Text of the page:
December 2, 2021

Landlords expect steady number of college students

Kevin L. Smith/staff reporter

Contractor Larry Sawatzky of Enfield uses a nail gun Wednesday to attach blockers to a new porch being installed at the Sigma Delta Tau sorority house on Tompkins Street in Cortland. Onwer Nancy Medsker of Ithaca expects about 40 students to live in the house in the coming school year.

Nancy Medsker of Ithaca walked past the front of her property on Tompkins Street in Cortland as contractors put in a new porch and front steps.

“Everything’s coming together,” she said Wednesday, in time for 39 sisters of Sigma Delta Tau sorority to move in.

Medsker is one of a handful of landlords who expect occupancy to remain stable during the coronavirus pandemic, and their properties are at capacity.

SUNY Cortland officials said last week they expect 3,000 of their 6,800 students to live on campus in the coming year, but were not sure how many of the remaining 3,800 would live in the greater Cortland area, and how many would take classes remotely from elsewhere.

Mick Pace of Pace apartments, who owns student housing on Clayton Avenue, Homer Avenue, Lincoln Avenue and Tompkins Street — said he has 41 tenants. Jen Griffin, property manager for Campus Sides Apartments, LLC, which has a house on Prospect Terrace, has 32 tenants.

Pace said he received an influx of applications after Gov. Andrew Cuomo issued an executive order allowing colleges to reopen. Many potential tenants had delayed signing a lease after campuses across the state shut down last spring.

“I think a lot of students just want to be back,” he said. “College students don’t want to be home. They want the college experience in any way they can get it.”

Pace said 30% of his tenants left early last semester. Medsker said two-thirds of her tenants were gone by the end of March, and Griffin said only six students stayed until the end of the spring semester.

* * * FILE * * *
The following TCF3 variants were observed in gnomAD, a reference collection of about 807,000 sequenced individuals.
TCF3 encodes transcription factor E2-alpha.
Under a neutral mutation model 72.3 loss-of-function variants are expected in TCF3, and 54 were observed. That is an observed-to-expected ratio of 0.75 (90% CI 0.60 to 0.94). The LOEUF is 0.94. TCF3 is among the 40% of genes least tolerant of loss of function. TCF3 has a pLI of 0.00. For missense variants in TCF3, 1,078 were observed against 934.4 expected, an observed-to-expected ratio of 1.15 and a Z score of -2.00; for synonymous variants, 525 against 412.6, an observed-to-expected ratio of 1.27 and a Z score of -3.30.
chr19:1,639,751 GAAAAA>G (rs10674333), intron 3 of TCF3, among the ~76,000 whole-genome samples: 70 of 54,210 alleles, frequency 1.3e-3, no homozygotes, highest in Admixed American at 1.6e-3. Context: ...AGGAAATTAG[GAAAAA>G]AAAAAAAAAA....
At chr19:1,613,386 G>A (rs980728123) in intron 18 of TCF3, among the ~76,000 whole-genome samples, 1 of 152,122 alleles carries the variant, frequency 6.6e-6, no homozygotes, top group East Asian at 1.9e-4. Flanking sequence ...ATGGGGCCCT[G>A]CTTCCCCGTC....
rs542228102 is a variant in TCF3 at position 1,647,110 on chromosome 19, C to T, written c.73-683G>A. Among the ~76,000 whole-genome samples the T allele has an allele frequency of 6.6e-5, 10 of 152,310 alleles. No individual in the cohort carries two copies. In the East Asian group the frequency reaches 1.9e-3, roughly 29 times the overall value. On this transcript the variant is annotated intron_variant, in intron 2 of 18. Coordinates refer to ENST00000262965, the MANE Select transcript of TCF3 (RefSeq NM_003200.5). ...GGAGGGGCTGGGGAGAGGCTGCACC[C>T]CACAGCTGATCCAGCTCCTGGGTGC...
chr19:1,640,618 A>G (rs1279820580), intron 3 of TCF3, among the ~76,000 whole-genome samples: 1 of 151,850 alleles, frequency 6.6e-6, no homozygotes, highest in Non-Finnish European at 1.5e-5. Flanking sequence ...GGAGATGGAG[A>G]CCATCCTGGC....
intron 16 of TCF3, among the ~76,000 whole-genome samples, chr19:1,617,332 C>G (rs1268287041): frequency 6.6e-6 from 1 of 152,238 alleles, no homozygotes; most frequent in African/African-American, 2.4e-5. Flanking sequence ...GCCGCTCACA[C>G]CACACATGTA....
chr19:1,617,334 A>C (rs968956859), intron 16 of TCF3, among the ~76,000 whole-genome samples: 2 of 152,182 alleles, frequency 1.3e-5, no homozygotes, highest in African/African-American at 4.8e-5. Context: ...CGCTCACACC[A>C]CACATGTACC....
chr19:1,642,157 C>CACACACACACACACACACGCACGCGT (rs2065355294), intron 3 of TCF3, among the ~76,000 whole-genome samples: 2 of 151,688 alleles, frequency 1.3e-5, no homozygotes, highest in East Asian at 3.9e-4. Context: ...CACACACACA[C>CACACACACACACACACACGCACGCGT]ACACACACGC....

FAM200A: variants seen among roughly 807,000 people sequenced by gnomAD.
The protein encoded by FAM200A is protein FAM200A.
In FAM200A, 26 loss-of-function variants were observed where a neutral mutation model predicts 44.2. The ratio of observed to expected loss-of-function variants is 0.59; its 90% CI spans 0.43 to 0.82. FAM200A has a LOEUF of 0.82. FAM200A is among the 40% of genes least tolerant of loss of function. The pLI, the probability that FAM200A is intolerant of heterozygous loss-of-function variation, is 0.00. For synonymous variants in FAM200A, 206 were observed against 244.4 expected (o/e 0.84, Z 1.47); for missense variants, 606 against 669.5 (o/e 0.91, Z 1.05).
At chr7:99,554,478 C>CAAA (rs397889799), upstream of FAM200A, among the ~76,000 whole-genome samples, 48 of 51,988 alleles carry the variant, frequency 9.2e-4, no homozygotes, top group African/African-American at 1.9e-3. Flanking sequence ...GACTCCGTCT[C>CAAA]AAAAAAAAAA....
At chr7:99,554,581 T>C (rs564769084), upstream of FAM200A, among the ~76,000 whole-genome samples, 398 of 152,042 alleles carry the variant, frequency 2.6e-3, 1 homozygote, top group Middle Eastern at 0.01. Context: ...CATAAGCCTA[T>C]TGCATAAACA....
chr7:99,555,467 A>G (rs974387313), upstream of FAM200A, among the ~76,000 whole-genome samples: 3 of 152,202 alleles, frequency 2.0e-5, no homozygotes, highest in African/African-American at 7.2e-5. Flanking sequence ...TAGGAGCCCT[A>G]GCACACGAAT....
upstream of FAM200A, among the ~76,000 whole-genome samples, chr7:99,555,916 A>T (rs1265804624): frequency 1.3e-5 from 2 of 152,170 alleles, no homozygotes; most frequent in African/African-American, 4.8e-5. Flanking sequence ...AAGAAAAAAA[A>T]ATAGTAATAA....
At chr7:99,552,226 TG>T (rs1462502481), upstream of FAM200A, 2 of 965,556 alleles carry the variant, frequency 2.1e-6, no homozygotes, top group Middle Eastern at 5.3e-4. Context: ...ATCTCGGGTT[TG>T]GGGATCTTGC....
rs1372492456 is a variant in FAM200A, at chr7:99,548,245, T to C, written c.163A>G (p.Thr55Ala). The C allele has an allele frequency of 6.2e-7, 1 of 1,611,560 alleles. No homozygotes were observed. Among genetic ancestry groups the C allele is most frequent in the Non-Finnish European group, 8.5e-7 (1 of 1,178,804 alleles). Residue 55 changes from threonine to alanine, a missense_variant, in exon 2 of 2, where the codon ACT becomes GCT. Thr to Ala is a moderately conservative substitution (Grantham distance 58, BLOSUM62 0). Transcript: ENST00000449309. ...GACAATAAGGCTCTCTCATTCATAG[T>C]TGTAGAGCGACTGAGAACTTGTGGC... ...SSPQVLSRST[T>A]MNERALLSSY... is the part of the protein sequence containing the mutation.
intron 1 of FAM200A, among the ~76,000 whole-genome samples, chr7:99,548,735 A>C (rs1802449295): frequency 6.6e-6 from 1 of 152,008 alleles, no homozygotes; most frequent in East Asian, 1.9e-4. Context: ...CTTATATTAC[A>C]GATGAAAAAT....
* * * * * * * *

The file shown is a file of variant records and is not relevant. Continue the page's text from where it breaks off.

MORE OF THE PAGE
“They all quarantined in the house,” Medsker said. “They isolated themselves and didn’t let anyone in. It worked out well.”

Griffin gave refunds; Pace and Medsker did not.

“I didn’t get any assistance from the state so I’m left hanging in the wind like others,” Pace said. “This is my livelihood and my main job for 40 years now.”

The landlords said they will make sure their tenants are following health and safety protocols. Pace said he ordered 500 masks for his tenants.

He doesn’t want to be strict, he said, but, “If they have a party and invite 50 people, that becomes an issue. I’m going to drill through their heads that it’s something you can’t do, especially this year.”

Griffin recommended her tenants move in over a week, rather than two days, to avoid clusters of people in the stairwells.

“I just hope they all take the necessary precautions,” she said.

Of course, the future is unwritten, and SUNY Cortland, like the University of North Carolina may face a spike and need to shut down. On-campus students would need to leave, but off-campus students could stay.

Medsker imagined if all classes would move to online only, tenants in her house will want to stay here so they can be with friends.

“If they choose to do that, they can,” she said.

It might even be safer, if there’s a resurgence elsewhere, Pace said.

“When the pandemic first hit, a lot of students felt safer up here, especially ones who are originally from downstate,” he said. “Case numbers were lower here and much higher down there so they knew staying here made more sense.”